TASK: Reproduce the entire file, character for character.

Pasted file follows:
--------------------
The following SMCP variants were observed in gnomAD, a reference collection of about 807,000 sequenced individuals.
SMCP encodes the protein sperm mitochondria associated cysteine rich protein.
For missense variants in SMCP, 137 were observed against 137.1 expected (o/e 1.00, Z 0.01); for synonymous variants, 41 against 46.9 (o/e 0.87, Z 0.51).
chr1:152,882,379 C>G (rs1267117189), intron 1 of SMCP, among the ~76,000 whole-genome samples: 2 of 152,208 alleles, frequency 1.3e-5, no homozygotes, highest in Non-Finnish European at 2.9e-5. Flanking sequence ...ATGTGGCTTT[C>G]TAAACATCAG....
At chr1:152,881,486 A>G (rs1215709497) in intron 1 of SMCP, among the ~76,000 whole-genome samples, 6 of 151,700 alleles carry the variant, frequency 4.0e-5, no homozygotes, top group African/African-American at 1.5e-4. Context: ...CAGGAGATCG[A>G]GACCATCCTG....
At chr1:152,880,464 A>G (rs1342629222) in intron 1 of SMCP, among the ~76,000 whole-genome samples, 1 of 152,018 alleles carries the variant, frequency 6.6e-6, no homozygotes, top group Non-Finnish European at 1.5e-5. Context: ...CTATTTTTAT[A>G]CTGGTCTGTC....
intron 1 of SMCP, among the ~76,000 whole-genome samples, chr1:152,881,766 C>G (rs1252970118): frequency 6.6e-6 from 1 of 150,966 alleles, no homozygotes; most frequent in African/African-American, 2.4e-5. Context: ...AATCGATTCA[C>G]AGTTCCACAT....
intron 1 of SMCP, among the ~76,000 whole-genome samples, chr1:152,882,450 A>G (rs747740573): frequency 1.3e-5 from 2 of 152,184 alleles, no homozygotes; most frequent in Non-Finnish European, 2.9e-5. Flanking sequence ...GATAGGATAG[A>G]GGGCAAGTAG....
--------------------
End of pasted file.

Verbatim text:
The following SMCP variants were observed in gnomAD, a reference collection of about 807,000 sequenced individuals.
SMCP encodes the protein sperm mitochondria associated cysteine rich protein.
For missense variants in SMCP, 137 were observed against 137.1 expected (o/e 1.00, Z 0.01); for synonymous variants, 41 against 46.9 (o/e 0.87, Z 0.51).
chr1:152,882,379 C>G (rs1267117189), intron 1 of SMCP, among the ~76,000 whole-genome samples: 2 of 152,208 alleles, frequency 1.3e-5, no homozygotes, highest in Non-Finnish European at 2.9e-5. Flanking sequence ...ATGTGGCTTT[C>G]TAAACATCAG....
At chr1:152,881,486 A>G (rs1215709497) in intron 1 of SMCP, among the ~76,000 whole-genome samples, 6 of 151,700 alleles carry the variant, frequency 4.0e-5, no homozygotes, top group African/African-American at 1.5e-4. Context: ...CAGGAGATCG[A>G]GACCATCCTG....
At chr1:152,880,464 A>G (rs1342629222) in intron 1 of SMCP, among the ~76,000 whole-genome samples, 1 of 152,018 alleles carries the variant, frequency 6.6e-6, no homozygotes, top group Non-Finnish European at 1.5e-5. Context: ...CTATTTTTAT[A>G]CTGGTCTGTC....
intron 1 of SMCP, among the ~76,000 whole-genome samples, chr1:152,881,766 C>G (rs1252970118): frequency 6.6e-6 from 1 of 150,966 alleles, no homozygotes; most frequent in African/African-American, 2.4e-5. Context: ...AATCGATTCA[C>G]AGTTCCACAT....
intron 1 of SMCP, among the ~76,000 whole-genome samples, chr1:152,882,450 A>G (rs747740573): frequency 1.3e-5 from 2 of 152,184 alleles, no homozygotes; most frequent in Non-Finnish European, 2.9e-5. Flanking sequence ...GATAGGATAG[A>G]GGGCAAGTAG....